Black-White Wealth Inequality: Is Inheritance the Reason?

By Menchik, Paul L.; Jianakoplos, Nancy Ammon | Economic Inquiry, April 1997 | Go to article overview

Black-White Wealth Inequality: Is Inheritance the Reason?


Menchik, Paul L., Jianakoplos, Nancy Ammon, Economic Inquiry


I. INTRODUCTION

On average, black Americans have less wealth than white Americans. Previous studies of wealth reveal that blacks hold on average between 10% and 25% of the wealth held by whites as reported in Terrell [1971], Smith [1975], Sobol [1979], Blau and Graham [1990], and Wolff [1992]. A number of possible explanations for this gap have been suggested, particularly differences in income and various socio-economic characteristics between black and white households. However, the average difference in black-white household income is much less than the difference in black-white household wealth. Wolff [1992] reports that black household income averaged 63% of white household income in 1989, a ratio which had persisted over the previous twenty years. Consequently, there must be additional factors which explain the greater racial wealth differential. Recently, economists such as Blau and Graham [1990] and Wolff [1992] have surmised that differences in intergenerational transfers might account for much of the unexplained racial difference in wealth. We document the large difference in wealth between blacks and whites and then attempt to account for this difference, paying particular attention to the effect of inherited wealth.

A number of investigators have speculated on the possible importance of inheritances in explaining racial differences in wealth. In a comment on Smith's [1975] analysis of black-white wealth differentials, Vito Natrella [1975] noted that Smith only explained 25% of the wealth differential through differences in economic variables. Natrella conjectured that the "really significant determinants" not included in Smith's analysis were "prior income, inherited wealth, and the propensity to save" [p. 370]. Wolff [1992] suggested that differences in intergenerational transfers provide a "plausible explanation" of the black-white wealth gap, but provided no supporting evidence. In a recent article Blau and Graham [1990] attempted to explain racial differences in wealth at the household level as a result of differences in household income, location, and demographic factors. However, they found that three-quarters of the racial difference in wealth remained unexplained. They speculated that "racial differences in inheritance and other intergenerational transfers most likely play an important part" [p. 338] in explaining the remaining black-white differences in wealth. If true, this explanation would have important policy implications, e.g. higher rates of inheritance taxation could reduce wealth differences between races.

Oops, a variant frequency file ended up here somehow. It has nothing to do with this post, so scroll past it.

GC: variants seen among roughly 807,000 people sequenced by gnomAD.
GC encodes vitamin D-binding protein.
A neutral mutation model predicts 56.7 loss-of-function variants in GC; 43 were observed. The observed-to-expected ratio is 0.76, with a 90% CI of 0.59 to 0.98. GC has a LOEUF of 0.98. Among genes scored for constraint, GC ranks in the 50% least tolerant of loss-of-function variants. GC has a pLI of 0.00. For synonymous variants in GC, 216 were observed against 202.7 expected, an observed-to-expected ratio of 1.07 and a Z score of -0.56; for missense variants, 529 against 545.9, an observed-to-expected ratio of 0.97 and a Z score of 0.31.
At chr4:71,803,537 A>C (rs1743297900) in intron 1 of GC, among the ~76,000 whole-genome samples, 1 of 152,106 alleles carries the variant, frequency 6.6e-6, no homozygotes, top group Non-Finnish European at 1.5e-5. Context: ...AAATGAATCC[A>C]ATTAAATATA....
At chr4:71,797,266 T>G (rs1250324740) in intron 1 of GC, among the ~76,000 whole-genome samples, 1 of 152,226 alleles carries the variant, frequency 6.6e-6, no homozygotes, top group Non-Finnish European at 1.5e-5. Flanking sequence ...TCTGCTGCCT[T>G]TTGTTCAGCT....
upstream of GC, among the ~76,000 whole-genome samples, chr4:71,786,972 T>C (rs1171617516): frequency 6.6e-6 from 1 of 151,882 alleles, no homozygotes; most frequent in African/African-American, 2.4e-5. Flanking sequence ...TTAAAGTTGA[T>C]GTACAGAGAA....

II. DATA

In this paper we attempt to empirically verify the hypothesized importance of inheritances in explaining the differences in black and white household wealth. Our empirical analysis makes use of two data sets which report both household wealth and household inheritances: the 1976 National Longitudinal Surveys of Mature Men (NLS76), and the 1989 Survey of Consumer Finances (SCF89). The NLS76 sample was chosen to be representative of the U.S. male population aged 45 to 59 years old in 1966, with an oversampling of black households. Our analysis focuses on the sample of 2,019 respondents who survived through 1976 and reported all variables required for our analysis.(1) More information about the NLS76 can be obtained from the Center for Human Resource Research [1992]. The SCF89 sample was chosen to provide a comprehensive picture of the financial situation of all U.S. households in 1989. The SCF89 oversampled high-income households. We make use of the complete sample encompassing the multiple imputation procedure employed by researchers at the Board of Governors of the Federal Reserve System. More information about these data can be obtained in Kennickell and Shack-Marquez [1992]. Since both data sets employ oversampling of particular population segments, all sample statistics reported in this paper are sample weighted.

In the NLS76 respondents were asked to report whether they (or their spouse) had received any "girl, inheritance, or prize (such as a lottery or award)" greater than $1,000. …

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